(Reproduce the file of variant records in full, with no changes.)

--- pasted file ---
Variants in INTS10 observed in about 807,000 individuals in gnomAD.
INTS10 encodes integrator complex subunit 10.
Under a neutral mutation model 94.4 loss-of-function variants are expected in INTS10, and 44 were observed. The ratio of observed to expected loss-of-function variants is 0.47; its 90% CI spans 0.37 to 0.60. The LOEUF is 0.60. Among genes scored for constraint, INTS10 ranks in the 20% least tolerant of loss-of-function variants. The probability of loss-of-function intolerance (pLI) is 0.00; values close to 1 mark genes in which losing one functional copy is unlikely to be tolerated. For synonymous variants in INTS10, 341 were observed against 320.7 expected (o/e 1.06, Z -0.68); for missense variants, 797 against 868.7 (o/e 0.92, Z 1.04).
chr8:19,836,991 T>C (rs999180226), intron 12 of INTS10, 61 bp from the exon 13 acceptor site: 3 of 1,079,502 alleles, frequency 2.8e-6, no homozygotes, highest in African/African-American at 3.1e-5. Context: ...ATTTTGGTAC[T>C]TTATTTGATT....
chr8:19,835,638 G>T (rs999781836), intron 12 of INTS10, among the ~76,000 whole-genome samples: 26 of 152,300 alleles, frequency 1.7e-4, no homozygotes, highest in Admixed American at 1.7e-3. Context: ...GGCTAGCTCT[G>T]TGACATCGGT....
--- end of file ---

Variants in INTS10 observed in about 807,000 individuals in gnomAD.
INTS10 encodes integrator complex subunit 10.
Under a neutral mutation model 94.4 loss-of-function variants are expected in INTS10, and 44 were observed. The ratio of observed to expected loss-of-function variants is 0.47; its 90% CI spans 0.37 to 0.60. The LOEUF is 0.60. Among genes scored for constraint, INTS10 ranks in the 20% least tolerant of loss-of-function variants. The probability of loss-of-function intolerance (pLI) is 0.00; values close to 1 mark genes in which losing one functional copy is unlikely to be tolerated. For synonymous variants in INTS10, 341 were observed against 320.7 expected (o/e 1.06, Z -0.68); for missense variants, 797 against 868.7 (o/e 0.92, Z 1.04).
chr8:19,836,991 T>C (rs999180226), intron 12 of INTS10, 61 bp from the exon 13 acceptor site: 3 of 1,079,502 alleles, frequency 2.8e-6, no homozygotes, highest in African/African-American at 3.1e-5. Context: ...ATTTTGGTAC[T>C]TTATTTGATT....
chr8:19,835,638 G>T (rs999781836), intron 12 of INTS10, among the ~76,000 whole-genome samples: 26 of 152,300 alleles, frequency 1.7e-4, no homozygotes, highest in Admixed American at 1.7e-3. Context: ...GGCTAGCTCT[G>T]TGACATCGGT....